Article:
Plugin Framework Logo

Plugin Framework is a new MIT-licensed plugin platform for .NET Core applications. It is light-weight and easy way to add a plugin-support into your application. It supports all the major types of .NET Core applications, including ASP.NET Core, Blazor, Console Apps and WPF & WinForms.Plugin Framework has a built-in support for Nuget packages and feeds.

The Plugin Framework version 1.0.0 is now available from Nuget: https://www.nuget.org/packages/Weikio.PluginFramework/. For Blazor and ASP.NET Core applications the recommended package is https://www.nuget.org/packages/Weikio.PluginFramework.AspNetCore

Main features

Plugin Framework follows an "Everything is a plugin" -mentality. It provides out of the box support for sharing plugins using Nuget packages, Roslyn scripts and delegates, in addition to the more common ones like .NET assemblies and folders.

Here’s a short summary of the major features provided by Plugin Framework:

  • Deliver plugins as Nuget-packages, .NET assemblies, Roslyn scripts and more.
  • Easy integration into a new or an existing .NET Core application.
  • Automatic dependency management.
  • MIT-licensed, commercial support available.

Quick start: ASP.NET Core

Install-Package Weikio.PluginFramework.AspNetCore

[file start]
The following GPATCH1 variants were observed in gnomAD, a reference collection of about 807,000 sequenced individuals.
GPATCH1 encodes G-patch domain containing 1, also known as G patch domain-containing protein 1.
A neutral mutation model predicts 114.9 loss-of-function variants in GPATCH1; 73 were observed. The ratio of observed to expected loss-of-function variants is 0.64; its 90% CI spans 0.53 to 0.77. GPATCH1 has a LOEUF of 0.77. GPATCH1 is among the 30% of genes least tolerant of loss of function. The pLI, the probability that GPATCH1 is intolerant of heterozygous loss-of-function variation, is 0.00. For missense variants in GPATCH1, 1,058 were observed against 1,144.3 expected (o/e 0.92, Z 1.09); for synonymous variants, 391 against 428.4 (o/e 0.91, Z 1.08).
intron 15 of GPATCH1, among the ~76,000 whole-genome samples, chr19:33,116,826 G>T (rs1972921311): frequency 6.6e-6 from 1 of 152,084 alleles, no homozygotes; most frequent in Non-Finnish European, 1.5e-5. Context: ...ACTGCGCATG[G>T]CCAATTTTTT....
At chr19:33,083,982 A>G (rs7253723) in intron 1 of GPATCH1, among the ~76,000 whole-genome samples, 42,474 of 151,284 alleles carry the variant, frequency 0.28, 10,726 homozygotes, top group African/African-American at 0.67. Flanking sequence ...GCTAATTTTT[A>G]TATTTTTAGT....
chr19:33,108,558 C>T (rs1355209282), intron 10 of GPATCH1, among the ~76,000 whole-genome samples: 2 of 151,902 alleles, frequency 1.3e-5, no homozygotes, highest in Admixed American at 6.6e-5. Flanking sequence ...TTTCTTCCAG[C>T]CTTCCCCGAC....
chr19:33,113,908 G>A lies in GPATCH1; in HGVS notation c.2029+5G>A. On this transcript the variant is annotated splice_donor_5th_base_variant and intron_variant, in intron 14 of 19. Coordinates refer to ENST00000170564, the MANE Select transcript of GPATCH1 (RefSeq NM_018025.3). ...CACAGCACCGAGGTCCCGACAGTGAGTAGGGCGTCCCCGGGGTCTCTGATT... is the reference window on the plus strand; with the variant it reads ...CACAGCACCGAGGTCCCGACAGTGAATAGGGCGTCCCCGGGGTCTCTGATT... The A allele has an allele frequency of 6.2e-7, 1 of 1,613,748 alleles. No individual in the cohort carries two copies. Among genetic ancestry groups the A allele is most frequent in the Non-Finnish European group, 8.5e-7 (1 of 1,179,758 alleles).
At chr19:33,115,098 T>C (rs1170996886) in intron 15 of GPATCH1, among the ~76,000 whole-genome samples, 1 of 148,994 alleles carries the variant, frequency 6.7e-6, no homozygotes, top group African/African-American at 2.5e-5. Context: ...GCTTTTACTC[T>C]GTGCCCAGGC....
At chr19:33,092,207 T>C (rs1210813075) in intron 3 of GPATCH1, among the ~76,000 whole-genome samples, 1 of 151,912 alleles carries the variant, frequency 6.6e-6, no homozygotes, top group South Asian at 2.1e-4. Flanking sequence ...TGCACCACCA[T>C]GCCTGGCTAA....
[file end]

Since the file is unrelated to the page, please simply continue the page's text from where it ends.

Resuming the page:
Using Plugin Framework can be as easy as adding a single new line into ConfigureServices. The following code finds all the plugins (types that implement the custom IOperator-interface) from the myplugins-folder.

services.AddPluginFramework<IOperator>(@".\myplugins");

The plugins can be used in a controller using constructor injection:

public CalculatorController(IEnumerable<IOperator> operator)
{
	_operators = operators;
}

Getting started

Best way to learn more about Plugin Framework is through the project's home page at Github: https://github.com/weikio/PluginFramework. The repository contains multiple different samples at the time of writing this. Here's a list:

Plugin Framework & .NET Console Application
Plugin Framework & ASP.NET Core
Plugin Framework & Blazor
Plugin Framework & WPF App
Nuget & Plugin Framework & ASP.NET Core
Roslyn & Plugin Framework & ASP.NET Core
Delegates & Plugin Framework & ASP.NET Core

How does this work?